I know these are fighting words, but, here it goes: Cutler is the most beautiful place in Maine — specifically the Cutler Coast Public Lands. It could almost be mistaken for the coast of Ireland with its steep, steep rocky drops into azure [albeit freezing] waters. That alone is worth the long drive up past Machias, the blueberry capital of the Northeast. I left Portland on a Friday night after work and returned home Saturday night so it’s possible to explore – and enjoy – this area during a regular weekend.
But there’s a few more things you’ll want to see while you’re Down East on this overnight mini adventure.
DESTINATION: Cutler, a 4-hour drive from Portland; cutlermaine.net
HOW MUCH: Your biggest expense will be gas. After that it’s only about $14 for a campsite and another $4 for pie.
WHO: Anyone who is willing to sleep on the ground. Dogs are allowed at the campsites and on the hike.
WHEN: Before October
TIP: You will not have cellphone coverage. Bring a map. Seriously.
It’s a sad fact that we’re losing our night’s sky due to light pollution. As cities grow and people light their porches, we’re able to see fewer stars. Lucky for you, Cutler has amazingly dark skies. After 10 p.m. (maybe after driving Down East after work on Friday?) on a clear night you can see the white, cloudy outlines of our galaxy streaking across the star-filled sky. You’ll never see more stars in your life.
Head up to Cobscook Bay State Park (40 minutes from Cutler) where you’ll find tent sites for $14 for Maine residents. You can reserve online ahead of time so long as your reservation is two nights or longer. Some sites are non-reservable, so you could risk it and head up hoping there’s a spot left. Dogs are welcome at Cobscook Bay State Park. If you don’t get an ocean-side camping site, the park has a big, open field with picnic tables — perfect for stargazing. Just make sure to lather up with bug spray first.
Cobscook Bay State Park, 40 S Edmunds Road, Dennysville. $14 campsites for Maine residents. www.maine.gov/cobscookbay
Ask a local where to get breakfast and they’ll send you to the Whiting General Store (at the intersection of routes 1 and 189 in Whiting), which is halfway between the campground and the Cutler Coast. Remember, you’re Down East in the fishing villages, so their breakfast time probably ended before yours began. Around 9 a.m. on a Saturday, the pizza and burgers are already under the heat lamps. That said, Whiting General Store staff will happily make you a bacon-egg-and-cheese sandwich on an english muffin, but go for sausage-egg-and-cheese on a wrap instead. They’re damn good.
Once you have your coffee and eggs, head toward Route 191 for the Cutler Coast Public Lands. Follow the sign for the parking area from 191 and find a loop hike (about 10 miles), but for an enjoyable (and pretty easy) day hike, I’d recommend heading toward the coastal route and staying on it until you reach the Blackpoint Cutoff (about 2.5 miles) and then turning back around to return. Who would want to go inland when you have sweeping — and I mean sweeping — views of a miles-long stretch sheer, jagged cliffs abutting open ocean?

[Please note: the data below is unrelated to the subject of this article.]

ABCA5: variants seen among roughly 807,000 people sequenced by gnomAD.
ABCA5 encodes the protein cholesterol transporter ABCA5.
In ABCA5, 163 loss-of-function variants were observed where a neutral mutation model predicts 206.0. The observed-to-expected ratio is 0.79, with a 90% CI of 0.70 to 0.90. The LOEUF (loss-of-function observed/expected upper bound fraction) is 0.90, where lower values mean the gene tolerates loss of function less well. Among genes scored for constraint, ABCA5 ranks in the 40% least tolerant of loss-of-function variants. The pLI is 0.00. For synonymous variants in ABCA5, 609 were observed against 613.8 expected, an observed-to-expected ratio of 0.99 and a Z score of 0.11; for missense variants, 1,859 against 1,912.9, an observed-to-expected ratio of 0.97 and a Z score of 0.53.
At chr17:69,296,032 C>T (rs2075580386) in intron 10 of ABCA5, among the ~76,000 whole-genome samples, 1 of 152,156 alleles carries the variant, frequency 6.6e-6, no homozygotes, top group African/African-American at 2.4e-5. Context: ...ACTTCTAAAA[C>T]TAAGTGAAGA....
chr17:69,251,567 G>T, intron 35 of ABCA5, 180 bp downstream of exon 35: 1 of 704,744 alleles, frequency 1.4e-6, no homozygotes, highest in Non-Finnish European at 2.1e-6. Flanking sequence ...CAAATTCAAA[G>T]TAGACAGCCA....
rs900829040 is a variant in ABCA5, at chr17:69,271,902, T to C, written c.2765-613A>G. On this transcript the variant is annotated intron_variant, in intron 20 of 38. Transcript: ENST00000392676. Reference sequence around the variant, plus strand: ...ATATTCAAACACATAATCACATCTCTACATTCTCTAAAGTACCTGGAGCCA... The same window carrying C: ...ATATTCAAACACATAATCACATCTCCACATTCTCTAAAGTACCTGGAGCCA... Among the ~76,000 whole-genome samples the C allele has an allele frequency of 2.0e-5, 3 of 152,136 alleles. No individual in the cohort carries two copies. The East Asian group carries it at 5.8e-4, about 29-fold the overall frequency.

The hike is relatively easy, but it has some climbs and many rocky parts that will require your full attention. Although the hike is on a flat ridge, it’s safe to bring your dogs on this hike too.
The first mile is a wooded stretch to get to the water. After that, follow the “Use Stairs” sign for your first overlook. When you get back to the trail, you’ll wander in and out of young pine forest. Below you, you’ll see caves, coves and blue-green lagoons. After half a mile, the forest opens up to thickets of wildflowers. The ocean here is full of black boulders jutting up intermittently, giving the place a sci-fi, “am I in Planet of the Apes?” feel. Toward the end of the 2.5-mile long hike in, if you follow another “Use Stairs” sign, it will bring you to a beach that’s made entirely of black, smooth stones. It’s a good place for a freezing-cold dip. Turn back around and head for the car because the views back are just as amazing with miles more of coast.
It’s worth noting, you can hike in about 5 miles and camp at sites along the trail, but be warned: There are only three sites, no reservations and five miles is a lot if you’re carrying a tent.
Whiting General Store, 136 U.S. 1, Whiting. facebook.com/WhitingStore
Cutler Coast Public Reserved Land, off Route 191, Cutler. 1.usa.gov/1JmUv1s
This region prides itself on its blueberries. The Machias Blueberry Festival pops up in August each year — and although you missed it for 2015 — the town always has blueberry desserts. Head to one of the many diners (Helen’s is a local favorite) and grab a slice of pie to go. Alternately, most of the gas stations in town will sell you a pint of local blueberries for $3.99. Take your treat(s) to downtown Machias and head to the river. The Down East Sunrise Trail abuts the river (as does Bad Little Fall Park, by a waterfall). Find a nice rock where you can sit with your pie and watch the cormorants dry their wings.
Helen’s Restaurant, 111 Main St., Machias. helensrestaurantmachias.com
Get out of dodge (at least for a little while) with a mini adventure. These excursions can be done in a day – sometimes an afternoon – and will hopefully lead you to places you’ve never been. This is Maine, after all, and we all need some adventuring.